5 min read

The Future of Retail: One-stop shopping as the status quo

Anaplan

The platform for orchestrating performance.

Fast-changing consumer expectations are placing one-stop-shop retailers at an advantage. As 2030 approaches, retailers limiting their offerings to a less patient and more demanding consumer could prove to be a mistake.

As we explore the landscape of the future for retailers, there are several key areas retailers need to identify, understand, and address to stay competitive in the next eight years. In the previous blog of the Future of Retail 2030 series, we took a broad look at the conditions retailers need to prepare for in 2030. Many retailers are unprepared today and will be left behind if they don’t catch up. What should retailers do to drive growth and protect margin in a world of omnichannel delivery?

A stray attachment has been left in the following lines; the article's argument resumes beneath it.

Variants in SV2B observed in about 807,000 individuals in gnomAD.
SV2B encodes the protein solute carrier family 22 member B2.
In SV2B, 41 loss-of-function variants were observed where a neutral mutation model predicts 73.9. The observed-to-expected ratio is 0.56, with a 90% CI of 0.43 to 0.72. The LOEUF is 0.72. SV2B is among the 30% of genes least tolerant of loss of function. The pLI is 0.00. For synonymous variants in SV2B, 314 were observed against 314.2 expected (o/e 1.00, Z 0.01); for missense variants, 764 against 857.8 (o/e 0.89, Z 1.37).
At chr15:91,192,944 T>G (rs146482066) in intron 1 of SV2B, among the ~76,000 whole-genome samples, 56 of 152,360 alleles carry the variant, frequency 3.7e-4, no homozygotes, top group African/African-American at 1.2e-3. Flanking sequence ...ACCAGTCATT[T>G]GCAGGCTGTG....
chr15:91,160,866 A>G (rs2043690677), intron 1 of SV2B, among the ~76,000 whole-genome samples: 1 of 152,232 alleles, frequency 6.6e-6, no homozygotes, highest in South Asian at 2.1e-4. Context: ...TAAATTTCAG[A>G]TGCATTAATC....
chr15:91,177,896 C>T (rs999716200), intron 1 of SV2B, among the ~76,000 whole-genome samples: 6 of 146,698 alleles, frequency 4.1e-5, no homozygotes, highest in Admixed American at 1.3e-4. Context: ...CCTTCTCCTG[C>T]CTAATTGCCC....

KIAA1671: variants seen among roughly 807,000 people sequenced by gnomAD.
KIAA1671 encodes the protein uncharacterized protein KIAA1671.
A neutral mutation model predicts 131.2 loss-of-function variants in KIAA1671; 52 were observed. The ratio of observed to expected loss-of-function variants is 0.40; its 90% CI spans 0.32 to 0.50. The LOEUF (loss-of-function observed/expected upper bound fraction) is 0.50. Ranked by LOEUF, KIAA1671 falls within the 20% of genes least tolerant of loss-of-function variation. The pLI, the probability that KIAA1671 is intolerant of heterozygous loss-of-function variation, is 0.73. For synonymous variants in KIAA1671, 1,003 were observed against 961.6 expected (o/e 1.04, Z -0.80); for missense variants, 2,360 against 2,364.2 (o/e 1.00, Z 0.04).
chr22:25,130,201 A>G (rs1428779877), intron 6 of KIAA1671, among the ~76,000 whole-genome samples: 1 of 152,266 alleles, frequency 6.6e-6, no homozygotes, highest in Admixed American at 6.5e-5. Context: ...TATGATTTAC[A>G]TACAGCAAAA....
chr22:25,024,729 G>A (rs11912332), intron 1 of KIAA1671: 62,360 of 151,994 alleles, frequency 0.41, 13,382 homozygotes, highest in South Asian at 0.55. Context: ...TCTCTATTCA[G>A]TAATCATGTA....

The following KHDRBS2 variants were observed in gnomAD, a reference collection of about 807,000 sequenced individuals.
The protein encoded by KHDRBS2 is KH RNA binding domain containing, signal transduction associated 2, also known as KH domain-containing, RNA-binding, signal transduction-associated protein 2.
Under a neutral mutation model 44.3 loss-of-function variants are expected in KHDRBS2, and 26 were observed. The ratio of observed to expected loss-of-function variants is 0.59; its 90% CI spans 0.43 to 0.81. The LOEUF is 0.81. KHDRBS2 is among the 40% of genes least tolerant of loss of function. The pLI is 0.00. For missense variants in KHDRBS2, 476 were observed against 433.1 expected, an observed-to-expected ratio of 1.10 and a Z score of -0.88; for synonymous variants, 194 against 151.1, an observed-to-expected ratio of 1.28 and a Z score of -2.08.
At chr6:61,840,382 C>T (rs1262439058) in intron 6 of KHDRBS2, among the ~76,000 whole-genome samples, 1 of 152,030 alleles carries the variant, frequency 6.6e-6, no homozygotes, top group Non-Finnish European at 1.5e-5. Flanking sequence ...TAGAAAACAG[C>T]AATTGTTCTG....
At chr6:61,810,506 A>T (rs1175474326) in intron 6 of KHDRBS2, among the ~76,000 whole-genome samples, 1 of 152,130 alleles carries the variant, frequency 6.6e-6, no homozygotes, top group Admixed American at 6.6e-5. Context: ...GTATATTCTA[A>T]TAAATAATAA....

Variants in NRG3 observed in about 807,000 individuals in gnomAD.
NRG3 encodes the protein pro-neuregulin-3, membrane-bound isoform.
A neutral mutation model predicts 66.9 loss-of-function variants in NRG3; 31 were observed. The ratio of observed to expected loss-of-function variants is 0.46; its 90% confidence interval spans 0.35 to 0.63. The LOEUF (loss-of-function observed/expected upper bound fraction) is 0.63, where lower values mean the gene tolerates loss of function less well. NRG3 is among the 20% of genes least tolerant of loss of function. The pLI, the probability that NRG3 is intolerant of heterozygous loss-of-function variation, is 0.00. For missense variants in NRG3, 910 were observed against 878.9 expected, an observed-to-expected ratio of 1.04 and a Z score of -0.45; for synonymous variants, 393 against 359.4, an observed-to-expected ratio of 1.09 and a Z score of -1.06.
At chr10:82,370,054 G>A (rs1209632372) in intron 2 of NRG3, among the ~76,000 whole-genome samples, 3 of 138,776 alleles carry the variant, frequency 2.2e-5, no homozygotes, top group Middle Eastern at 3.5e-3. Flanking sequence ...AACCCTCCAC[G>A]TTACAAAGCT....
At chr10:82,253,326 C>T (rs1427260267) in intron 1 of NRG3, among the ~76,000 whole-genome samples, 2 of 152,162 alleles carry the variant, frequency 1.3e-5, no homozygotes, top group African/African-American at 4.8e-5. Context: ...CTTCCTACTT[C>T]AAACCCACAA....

In this, the second blog in our series, we will focus on consumers’ interest in one-stop-shopping, and how retailers need to adapt to survive in the future of business 2030.

Shifting shopper culture

The retail landscape today is vastly different from even 10 years ago, and without catching up, retailers have no chance of surviving next year, let alone in 2030. There are multiple factors impacting both market conditions and success, and one of the most important is the evolving consumer. They’re not the same group of past traditional shoppers, from demographics to habits.

One of the most marked divergences from the norm is customers’ rapid adoption of new retail trends enabling less complex or exhausting shopping experiences. According to NRF research in 2020, 93% of surveyed consumers said they were “more likely to choose to shop at a specific retailer based on convenience.”

The allure of the one-stop shop